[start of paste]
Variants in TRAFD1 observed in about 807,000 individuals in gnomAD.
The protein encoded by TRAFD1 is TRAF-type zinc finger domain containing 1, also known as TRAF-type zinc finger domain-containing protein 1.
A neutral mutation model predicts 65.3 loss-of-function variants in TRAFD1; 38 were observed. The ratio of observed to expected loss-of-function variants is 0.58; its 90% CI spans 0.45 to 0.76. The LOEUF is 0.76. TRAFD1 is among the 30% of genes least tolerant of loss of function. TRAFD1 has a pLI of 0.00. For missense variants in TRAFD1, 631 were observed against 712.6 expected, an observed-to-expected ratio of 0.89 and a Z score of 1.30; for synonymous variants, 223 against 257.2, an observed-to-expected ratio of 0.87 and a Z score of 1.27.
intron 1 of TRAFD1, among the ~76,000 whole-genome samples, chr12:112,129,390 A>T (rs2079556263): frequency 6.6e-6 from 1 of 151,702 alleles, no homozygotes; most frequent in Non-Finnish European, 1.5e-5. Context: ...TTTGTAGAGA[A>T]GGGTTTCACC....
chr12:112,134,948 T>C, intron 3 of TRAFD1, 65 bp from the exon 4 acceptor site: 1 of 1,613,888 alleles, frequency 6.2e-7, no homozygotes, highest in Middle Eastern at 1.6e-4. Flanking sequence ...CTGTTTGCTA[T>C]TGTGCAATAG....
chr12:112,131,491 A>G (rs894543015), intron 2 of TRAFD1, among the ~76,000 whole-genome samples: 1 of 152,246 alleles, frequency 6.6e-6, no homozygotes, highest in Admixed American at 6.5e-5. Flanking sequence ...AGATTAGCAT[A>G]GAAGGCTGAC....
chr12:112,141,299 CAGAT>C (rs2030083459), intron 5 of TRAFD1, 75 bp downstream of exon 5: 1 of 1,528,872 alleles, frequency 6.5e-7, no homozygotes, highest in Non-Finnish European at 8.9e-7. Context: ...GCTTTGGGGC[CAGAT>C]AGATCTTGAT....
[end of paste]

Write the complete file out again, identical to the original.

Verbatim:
Variants in TRAFD1 observed in about 807,000 individuals in gnomAD.
The protein encoded by TRAFD1 is TRAF-type zinc finger domain containing 1, also known as TRAF-type zinc finger domain-containing protein 1.
A neutral mutation model predicts 65.3 loss-of-function variants in TRAFD1; 38 were observed. The ratio of observed to expected loss-of-function variants is 0.58; its 90% CI spans 0.45 to 0.76. The LOEUF is 0.76. TRAFD1 is among the 30% of genes least tolerant of loss of function. TRAFD1 has a pLI of 0.00. For missense variants in TRAFD1, 631 were observed against 712.6 expected, an observed-to-expected ratio of 0.89 and a Z score of 1.30; for synonymous variants, 223 against 257.2, an observed-to-expected ratio of 0.87 and a Z score of 1.27.
intron 1 of TRAFD1, among the ~76,000 whole-genome samples, chr12:112,129,390 A>T (rs2079556263): frequency 6.6e-6 from 1 of 151,702 alleles, no homozygotes; most frequent in Non-Finnish European, 1.5e-5. Context: ...TTTGTAGAGA[A>T]GGGTTTCACC....
chr12:112,134,948 T>C, intron 3 of TRAFD1, 65 bp from the exon 4 acceptor site: 1 of 1,613,888 alleles, frequency 6.2e-7, no homozygotes, highest in Middle Eastern at 1.6e-4. Flanking sequence ...CTGTTTGCTA[T>C]TGTGCAATAG....
chr12:112,131,491 A>G (rs894543015), intron 2 of TRAFD1, among the ~76,000 whole-genome samples: 1 of 152,246 alleles, frequency 6.6e-6, no homozygotes, highest in Admixed American at 6.5e-5. Flanking sequence ...AGATTAGCAT[A>G]GAAGGCTGAC....
chr12:112,141,299 CAGAT>C (rs2030083459), intron 5 of TRAFD1, 75 bp downstream of exon 5: 1 of 1,528,872 alleles, frequency 6.5e-7, no homozygotes, highest in Non-Finnish European at 8.9e-7. Context: ...GCTTTGGGGC[CAGAT>C]AGATCTTGAT....